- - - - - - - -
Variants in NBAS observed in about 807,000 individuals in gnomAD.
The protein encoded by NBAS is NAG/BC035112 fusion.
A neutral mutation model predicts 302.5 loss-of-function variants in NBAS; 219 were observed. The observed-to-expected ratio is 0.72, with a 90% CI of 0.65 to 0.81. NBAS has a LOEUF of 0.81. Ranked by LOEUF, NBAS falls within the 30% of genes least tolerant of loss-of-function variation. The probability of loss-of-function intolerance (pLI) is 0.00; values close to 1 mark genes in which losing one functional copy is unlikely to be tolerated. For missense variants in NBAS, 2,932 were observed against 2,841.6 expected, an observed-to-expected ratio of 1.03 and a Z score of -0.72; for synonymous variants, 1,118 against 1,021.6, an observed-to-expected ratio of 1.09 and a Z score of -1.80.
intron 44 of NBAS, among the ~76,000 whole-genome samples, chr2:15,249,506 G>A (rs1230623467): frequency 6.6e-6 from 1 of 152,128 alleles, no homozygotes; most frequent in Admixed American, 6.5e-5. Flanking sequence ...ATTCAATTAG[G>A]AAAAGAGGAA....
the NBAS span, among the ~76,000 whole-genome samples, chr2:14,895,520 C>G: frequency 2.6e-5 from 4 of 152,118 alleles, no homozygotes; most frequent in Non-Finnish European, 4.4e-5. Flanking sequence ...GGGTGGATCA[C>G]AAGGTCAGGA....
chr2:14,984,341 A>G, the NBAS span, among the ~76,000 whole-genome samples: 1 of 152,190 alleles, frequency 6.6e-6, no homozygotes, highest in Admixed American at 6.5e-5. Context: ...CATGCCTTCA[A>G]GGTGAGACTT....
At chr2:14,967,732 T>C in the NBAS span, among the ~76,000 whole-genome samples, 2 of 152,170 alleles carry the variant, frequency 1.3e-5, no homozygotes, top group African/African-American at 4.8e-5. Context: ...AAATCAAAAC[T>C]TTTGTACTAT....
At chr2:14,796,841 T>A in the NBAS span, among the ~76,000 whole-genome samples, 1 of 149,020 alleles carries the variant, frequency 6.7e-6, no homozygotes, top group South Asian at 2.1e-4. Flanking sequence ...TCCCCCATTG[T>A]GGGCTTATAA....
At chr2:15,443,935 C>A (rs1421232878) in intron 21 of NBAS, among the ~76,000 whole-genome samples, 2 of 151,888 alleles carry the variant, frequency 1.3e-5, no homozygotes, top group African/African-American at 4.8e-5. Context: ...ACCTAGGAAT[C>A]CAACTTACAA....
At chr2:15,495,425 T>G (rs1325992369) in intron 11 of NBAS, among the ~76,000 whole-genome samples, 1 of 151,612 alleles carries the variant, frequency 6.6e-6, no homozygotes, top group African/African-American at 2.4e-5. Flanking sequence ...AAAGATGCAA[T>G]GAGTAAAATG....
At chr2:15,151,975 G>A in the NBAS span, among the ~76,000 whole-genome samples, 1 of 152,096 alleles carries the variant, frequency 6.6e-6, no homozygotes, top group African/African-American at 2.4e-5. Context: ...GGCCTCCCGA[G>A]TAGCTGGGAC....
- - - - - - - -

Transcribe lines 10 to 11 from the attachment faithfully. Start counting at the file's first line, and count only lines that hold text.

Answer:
At chr2:15,495,425 T>G (rs1325992369) in intron 11 of NBAS, among the ~76,000 whole-genome samples, 1 of 151,612 alleles carries the variant, frequency 6.6e-6, no homozygotes, top group African/African-American at 2.4e-5. Flanking sequence ...AAAGATGCAA[T>G]GAGTAAAATG....
At chr2:15,151,975 G>A in the NBAS span, among the ~76,000 whole-genome samples, 1 of 152,096 alleles carries the variant, frequency 6.6e-6, no homozygotes, top group African/African-American at 2.4e-5. Context: ...GGCCTCCCGA[G>A]TAGCTGGGAC....